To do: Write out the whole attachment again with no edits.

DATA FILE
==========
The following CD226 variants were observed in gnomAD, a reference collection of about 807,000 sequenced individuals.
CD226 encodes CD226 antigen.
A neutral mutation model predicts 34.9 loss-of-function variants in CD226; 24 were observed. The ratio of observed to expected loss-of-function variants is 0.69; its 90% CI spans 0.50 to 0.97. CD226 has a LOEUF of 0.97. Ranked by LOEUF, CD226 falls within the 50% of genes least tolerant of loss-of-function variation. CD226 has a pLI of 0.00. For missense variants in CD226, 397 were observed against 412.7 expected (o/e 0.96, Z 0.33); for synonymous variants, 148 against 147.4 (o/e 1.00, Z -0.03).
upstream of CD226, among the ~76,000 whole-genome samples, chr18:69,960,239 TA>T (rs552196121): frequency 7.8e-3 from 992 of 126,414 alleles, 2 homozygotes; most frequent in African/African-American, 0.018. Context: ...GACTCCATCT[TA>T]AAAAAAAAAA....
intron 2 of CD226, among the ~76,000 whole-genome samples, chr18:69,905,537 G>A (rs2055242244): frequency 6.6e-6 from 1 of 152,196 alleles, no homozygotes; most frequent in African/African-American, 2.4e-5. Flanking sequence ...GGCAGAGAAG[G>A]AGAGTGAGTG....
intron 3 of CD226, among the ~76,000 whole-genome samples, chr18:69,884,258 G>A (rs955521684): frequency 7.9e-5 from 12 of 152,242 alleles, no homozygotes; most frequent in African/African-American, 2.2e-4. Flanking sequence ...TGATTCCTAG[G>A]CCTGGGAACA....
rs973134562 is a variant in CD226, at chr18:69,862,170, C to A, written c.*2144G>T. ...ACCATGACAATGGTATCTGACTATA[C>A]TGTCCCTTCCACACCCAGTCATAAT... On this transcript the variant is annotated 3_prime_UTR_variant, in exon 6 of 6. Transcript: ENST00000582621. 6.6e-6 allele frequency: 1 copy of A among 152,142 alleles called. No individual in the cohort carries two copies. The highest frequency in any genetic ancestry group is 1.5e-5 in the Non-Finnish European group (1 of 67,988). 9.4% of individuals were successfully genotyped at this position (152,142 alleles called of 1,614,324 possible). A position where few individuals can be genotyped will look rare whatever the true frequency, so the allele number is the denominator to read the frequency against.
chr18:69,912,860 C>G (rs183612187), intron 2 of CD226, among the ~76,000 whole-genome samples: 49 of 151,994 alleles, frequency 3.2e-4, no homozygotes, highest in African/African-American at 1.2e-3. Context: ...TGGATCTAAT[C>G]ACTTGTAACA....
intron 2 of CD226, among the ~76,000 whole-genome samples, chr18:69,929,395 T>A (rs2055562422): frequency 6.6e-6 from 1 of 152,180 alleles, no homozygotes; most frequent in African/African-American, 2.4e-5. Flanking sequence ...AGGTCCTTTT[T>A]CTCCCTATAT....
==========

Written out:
The following CD226 variants were observed in gnomAD, a reference collection of about 807,000 sequenced individuals.
CD226 encodes CD226 antigen.
A neutral mutation model predicts 34.9 loss-of-function variants in CD226; 24 were observed. The ratio of observed to expected loss-of-function variants is 0.69; its 90% CI spans 0.50 to 0.97. CD226 has a LOEUF of 0.97. Ranked by LOEUF, CD226 falls within the 50% of genes least tolerant of loss-of-function variation. CD226 has a pLI of 0.00. For missense variants in CD226, 397 were observed against 412.7 expected (o/e 0.96, Z 0.33); for synonymous variants, 148 against 147.4 (o/e 1.00, Z -0.03).
upstream of CD226, among the ~76,000 whole-genome samples, chr18:69,960,239 TA>T (rs552196121): frequency 7.8e-3 from 992 of 126,414 alleles, 2 homozygotes; most frequent in African/African-American, 0.018. Context: ...GACTCCATCT[TA>T]AAAAAAAAAA....
intron 2 of CD226, among the ~76,000 whole-genome samples, chr18:69,905,537 G>A (rs2055242244): frequency 6.6e-6 from 1 of 152,196 alleles, no homozygotes; most frequent in African/African-American, 2.4e-5. Flanking sequence ...GGCAGAGAAG[G>A]AGAGTGAGTG....
intron 3 of CD226, among the ~76,000 whole-genome samples, chr18:69,884,258 G>A (rs955521684): frequency 7.9e-5 from 12 of 152,242 alleles, no homozygotes; most frequent in African/African-American, 2.2e-4. Flanking sequence ...TGATTCCTAG[G>A]CCTGGGAACA....
rs973134562 is a variant in CD226, at chr18:69,862,170, C to A, written c.*2144G>T. ...ACCATGACAATGGTATCTGACTATA[C>A]TGTCCCTTCCACACCCAGTCATAAT... On this transcript the variant is annotated 3_prime_UTR_variant, in exon 6 of 6. Transcript: ENST00000582621. 6.6e-6 allele frequency: 1 copy of A among 152,142 alleles called. No individual in the cohort carries two copies. The highest frequency in any genetic ancestry group is 1.5e-5 in the Non-Finnish European group (1 of 67,988). 9.4% of individuals were successfully genotyped at this position (152,142 alleles called of 1,614,324 possible). A position where few individuals can be genotyped will look rare whatever the true frequency, so the allele number is the denominator to read the frequency against.
chr18:69,912,860 C>G (rs183612187), intron 2 of CD226, among the ~76,000 whole-genome samples: 49 of 151,994 alleles, frequency 3.2e-4, no homozygotes, highest in African/African-American at 1.2e-3. Context: ...TGGATCTAAT[C>G]ACTTGTAACA....
intron 2 of CD226, among the ~76,000 whole-genome samples, chr18:69,929,395 T>A (rs2055562422): frequency 6.6e-6 from 1 of 152,180 alleles, no homozygotes; most frequent in African/African-American, 2.4e-5. Flanking sequence ...AGGTCCTTTT[T>A]CTCCCTATAT....